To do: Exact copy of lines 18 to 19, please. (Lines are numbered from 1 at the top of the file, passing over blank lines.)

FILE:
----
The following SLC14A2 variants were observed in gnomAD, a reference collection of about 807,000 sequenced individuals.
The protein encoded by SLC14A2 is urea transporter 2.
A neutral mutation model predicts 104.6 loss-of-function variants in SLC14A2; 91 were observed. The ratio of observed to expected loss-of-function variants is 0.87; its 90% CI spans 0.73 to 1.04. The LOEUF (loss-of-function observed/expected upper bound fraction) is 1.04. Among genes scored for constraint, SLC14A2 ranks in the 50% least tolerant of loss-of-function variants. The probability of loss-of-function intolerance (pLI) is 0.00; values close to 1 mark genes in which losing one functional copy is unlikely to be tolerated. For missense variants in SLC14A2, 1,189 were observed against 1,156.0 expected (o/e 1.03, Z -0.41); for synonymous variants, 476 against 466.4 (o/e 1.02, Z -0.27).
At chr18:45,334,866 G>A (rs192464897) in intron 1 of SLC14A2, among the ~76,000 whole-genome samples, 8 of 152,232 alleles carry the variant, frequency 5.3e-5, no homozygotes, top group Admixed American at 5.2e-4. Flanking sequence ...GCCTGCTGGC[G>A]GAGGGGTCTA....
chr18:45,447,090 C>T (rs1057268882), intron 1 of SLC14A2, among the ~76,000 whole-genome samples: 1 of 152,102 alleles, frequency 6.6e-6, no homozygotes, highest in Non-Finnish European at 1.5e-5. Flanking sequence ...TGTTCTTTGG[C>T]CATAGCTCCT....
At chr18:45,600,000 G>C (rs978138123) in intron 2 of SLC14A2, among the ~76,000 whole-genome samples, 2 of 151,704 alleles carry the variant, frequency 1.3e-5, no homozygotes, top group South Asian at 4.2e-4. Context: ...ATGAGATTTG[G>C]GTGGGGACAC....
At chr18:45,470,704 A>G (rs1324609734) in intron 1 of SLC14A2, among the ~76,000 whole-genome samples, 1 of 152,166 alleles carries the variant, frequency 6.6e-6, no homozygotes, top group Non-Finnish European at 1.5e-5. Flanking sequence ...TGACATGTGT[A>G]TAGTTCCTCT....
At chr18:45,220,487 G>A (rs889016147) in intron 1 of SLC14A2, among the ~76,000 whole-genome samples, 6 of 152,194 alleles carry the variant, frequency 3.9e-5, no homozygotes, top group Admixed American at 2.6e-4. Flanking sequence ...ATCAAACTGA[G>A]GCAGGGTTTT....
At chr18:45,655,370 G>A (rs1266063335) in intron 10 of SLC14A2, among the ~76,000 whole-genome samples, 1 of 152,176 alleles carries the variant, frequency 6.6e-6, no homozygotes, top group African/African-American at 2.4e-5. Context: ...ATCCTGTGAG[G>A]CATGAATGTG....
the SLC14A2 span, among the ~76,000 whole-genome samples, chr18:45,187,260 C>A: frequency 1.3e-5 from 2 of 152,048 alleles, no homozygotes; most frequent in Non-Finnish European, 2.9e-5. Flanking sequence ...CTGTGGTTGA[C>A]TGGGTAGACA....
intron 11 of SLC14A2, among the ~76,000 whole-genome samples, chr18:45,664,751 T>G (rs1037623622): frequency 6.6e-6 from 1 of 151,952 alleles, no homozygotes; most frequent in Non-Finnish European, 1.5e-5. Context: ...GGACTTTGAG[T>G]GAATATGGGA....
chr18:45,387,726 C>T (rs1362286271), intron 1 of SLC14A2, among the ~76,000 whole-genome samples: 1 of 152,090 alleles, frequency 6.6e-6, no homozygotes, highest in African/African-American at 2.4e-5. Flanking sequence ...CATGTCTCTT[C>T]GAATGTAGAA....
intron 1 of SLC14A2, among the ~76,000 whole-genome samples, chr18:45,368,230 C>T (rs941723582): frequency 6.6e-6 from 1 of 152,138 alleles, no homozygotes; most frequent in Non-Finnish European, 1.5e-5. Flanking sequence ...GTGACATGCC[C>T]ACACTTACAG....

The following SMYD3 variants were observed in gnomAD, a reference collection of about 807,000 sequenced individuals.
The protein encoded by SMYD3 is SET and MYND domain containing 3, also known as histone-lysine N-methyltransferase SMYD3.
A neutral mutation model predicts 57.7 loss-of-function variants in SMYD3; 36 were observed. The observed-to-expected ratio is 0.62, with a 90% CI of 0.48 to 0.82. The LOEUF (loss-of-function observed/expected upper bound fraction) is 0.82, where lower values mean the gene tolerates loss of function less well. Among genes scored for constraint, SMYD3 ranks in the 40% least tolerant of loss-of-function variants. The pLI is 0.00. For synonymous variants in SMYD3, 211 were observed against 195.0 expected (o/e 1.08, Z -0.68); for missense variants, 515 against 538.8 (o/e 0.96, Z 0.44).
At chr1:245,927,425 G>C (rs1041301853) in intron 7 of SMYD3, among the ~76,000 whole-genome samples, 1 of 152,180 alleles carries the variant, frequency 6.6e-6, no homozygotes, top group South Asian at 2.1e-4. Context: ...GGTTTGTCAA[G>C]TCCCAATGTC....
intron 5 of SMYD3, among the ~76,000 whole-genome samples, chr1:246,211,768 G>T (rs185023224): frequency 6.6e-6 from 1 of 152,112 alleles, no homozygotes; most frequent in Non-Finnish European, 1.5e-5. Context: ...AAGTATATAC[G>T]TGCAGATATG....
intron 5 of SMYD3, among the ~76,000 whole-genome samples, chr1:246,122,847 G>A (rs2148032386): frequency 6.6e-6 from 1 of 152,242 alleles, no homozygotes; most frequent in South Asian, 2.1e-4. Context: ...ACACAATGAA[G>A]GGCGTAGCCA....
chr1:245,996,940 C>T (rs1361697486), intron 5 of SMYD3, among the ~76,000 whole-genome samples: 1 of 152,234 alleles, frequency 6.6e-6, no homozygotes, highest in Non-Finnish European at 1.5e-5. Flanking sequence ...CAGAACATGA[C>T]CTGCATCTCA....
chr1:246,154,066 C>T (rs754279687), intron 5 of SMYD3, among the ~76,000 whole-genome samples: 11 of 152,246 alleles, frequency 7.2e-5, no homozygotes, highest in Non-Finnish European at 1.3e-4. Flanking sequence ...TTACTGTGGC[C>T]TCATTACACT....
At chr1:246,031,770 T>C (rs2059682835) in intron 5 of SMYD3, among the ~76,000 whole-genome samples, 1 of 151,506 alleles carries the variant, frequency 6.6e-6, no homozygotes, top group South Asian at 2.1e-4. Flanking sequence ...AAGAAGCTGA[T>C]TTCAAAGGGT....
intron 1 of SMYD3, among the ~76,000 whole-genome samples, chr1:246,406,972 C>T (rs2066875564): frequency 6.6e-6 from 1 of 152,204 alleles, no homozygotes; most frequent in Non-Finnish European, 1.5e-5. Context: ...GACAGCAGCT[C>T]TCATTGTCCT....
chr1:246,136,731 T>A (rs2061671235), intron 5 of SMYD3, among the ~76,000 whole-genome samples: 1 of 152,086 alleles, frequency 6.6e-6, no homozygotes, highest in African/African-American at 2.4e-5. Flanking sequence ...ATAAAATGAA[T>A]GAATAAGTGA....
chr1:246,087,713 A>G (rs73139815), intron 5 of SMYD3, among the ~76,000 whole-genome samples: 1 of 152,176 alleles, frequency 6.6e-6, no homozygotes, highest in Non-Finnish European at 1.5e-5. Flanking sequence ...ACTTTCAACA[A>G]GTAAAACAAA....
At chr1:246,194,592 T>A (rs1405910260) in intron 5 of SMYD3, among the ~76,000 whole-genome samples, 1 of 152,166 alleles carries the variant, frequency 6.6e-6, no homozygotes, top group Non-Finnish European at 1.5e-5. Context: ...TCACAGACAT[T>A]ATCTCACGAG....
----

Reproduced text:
intron 5 of SMYD3, among the ~76,000 whole-genome samples, chr1:246,211,768 G>T (rs185023224): frequency 6.6e-6 from 1 of 152,112 alleles, no homozygotes; most frequent in Non-Finnish European, 1.5e-5. Context: ...AAGTATATAC[G>T]TGCAGATATG....
intron 5 of SMYD3, among the ~76,000 whole-genome samples, chr1:246,122,847 G>A (rs2148032386): frequency 6.6e-6 from 1 of 152,242 alleles, no homozygotes; most frequent in South Asian, 2.1e-4. Context: ...ACACAATGAA[G>A]GGCGTAGCCA....